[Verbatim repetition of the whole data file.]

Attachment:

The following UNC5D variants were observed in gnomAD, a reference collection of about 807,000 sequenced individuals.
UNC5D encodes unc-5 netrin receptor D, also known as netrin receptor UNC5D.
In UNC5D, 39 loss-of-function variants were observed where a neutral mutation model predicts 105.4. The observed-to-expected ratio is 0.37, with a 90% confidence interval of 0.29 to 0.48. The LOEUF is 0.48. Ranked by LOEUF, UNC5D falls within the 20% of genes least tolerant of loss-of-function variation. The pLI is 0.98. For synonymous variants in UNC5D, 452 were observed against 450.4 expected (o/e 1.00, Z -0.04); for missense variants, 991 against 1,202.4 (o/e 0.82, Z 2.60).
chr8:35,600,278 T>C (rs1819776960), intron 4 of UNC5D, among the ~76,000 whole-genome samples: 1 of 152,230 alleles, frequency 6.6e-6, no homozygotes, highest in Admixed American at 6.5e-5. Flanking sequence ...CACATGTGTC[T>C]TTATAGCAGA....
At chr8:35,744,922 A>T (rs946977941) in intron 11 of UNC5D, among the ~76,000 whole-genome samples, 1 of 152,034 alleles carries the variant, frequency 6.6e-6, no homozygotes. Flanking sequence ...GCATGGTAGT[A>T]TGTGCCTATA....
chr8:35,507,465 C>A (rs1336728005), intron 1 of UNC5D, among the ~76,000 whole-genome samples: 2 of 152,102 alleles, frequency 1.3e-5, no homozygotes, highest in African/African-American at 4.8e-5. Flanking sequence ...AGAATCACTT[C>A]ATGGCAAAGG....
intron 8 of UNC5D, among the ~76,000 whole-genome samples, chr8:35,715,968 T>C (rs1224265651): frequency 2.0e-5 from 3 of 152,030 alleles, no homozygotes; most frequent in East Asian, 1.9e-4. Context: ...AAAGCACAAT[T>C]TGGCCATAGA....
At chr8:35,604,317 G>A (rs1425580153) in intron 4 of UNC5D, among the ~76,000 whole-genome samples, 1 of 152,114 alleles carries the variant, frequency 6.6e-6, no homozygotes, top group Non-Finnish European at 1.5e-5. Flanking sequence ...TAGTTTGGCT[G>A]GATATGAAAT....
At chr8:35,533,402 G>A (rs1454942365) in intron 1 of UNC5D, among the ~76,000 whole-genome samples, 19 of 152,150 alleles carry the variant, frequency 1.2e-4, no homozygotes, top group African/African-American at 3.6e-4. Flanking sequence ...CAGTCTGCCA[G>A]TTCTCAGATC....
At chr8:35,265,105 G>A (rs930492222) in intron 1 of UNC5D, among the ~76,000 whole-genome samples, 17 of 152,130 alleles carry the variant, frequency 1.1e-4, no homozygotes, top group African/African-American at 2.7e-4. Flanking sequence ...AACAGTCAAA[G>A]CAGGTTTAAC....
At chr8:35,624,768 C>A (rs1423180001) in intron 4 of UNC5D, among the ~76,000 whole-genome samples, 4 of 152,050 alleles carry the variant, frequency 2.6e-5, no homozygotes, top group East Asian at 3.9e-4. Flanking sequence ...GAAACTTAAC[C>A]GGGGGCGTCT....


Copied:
The following UNC5D variants were observed in gnomAD, a reference collection of about 807,000 sequenced individuals.
UNC5D encodes unc-5 netrin receptor D, also known as netrin receptor UNC5D.
In UNC5D, 39 loss-of-function variants were observed where a neutral mutation model predicts 105.4. The observed-to-expected ratio is 0.37, with a 90% confidence interval of 0.29 to 0.48. The LOEUF is 0.48. Ranked by LOEUF, UNC5D falls within the 20% of genes least tolerant of loss-of-function variation. The pLI is 0.98. For synonymous variants in UNC5D, 452 were observed against 450.4 expected (o/e 1.00, Z -0.04); for missense variants, 991 against 1,202.4 (o/e 0.82, Z 2.60).
chr8:35,600,278 T>C (rs1819776960), intron 4 of UNC5D, among the ~76,000 whole-genome samples: 1 of 152,230 alleles, frequency 6.6e-6, no homozygotes, highest in Admixed American at 6.5e-5. Flanking sequence ...CACATGTGTC[T>C]TTATAGCAGA....
At chr8:35,744,922 A>T (rs946977941) in intron 11 of UNC5D, among the ~76,000 whole-genome samples, 1 of 152,034 alleles carries the variant, frequency 6.6e-6, no homozygotes. Flanking sequence ...GCATGGTAGT[A>T]TGTGCCTATA....
chr8:35,507,465 C>A (rs1336728005), intron 1 of UNC5D, among the ~76,000 whole-genome samples: 2 of 152,102 alleles, frequency 1.3e-5, no homozygotes, highest in African/African-American at 4.8e-5. Flanking sequence ...AGAATCACTT[C>A]ATGGCAAAGG....
intron 8 of UNC5D, among the ~76,000 whole-genome samples, chr8:35,715,968 T>C (rs1224265651): frequency 2.0e-5 from 3 of 152,030 alleles, no homozygotes; most frequent in East Asian, 1.9e-4. Context: ...AAAGCACAAT[T>C]TGGCCATAGA....
At chr8:35,604,317 G>A (rs1425580153) in intron 4 of UNC5D, among the ~76,000 whole-genome samples, 1 of 152,114 alleles carries the variant, frequency 6.6e-6, no homozygotes, top group Non-Finnish European at 1.5e-5. Flanking sequence ...TAGTTTGGCT[G>A]GATATGAAAT....
At chr8:35,533,402 G>A (rs1454942365) in intron 1 of UNC5D, among the ~76,000 whole-genome samples, 19 of 152,150 alleles carry the variant, frequency 1.2e-4, no homozygotes, top group African/African-American at 3.6e-4. Flanking sequence ...CAGTCTGCCA[G>A]TTCTCAGATC....
At chr8:35,265,105 G>A (rs930492222) in intron 1 of UNC5D, among the ~76,000 whole-genome samples, 17 of 152,130 alleles carry the variant, frequency 1.1e-4, no homozygotes, top group African/African-American at 2.7e-4. Flanking sequence ...AACAGTCAAA[G>A]CAGGTTTAAC....
At chr8:35,624,768 C>A (rs1423180001) in intron 4 of UNC5D, among the ~76,000 whole-genome samples, 4 of 152,050 alleles carry the variant, frequency 2.6e-5, no homozygotes, top group East Asian at 3.9e-4. Flanking sequence ...GAAACTTAAC[C>A]GGGGGCGTCT....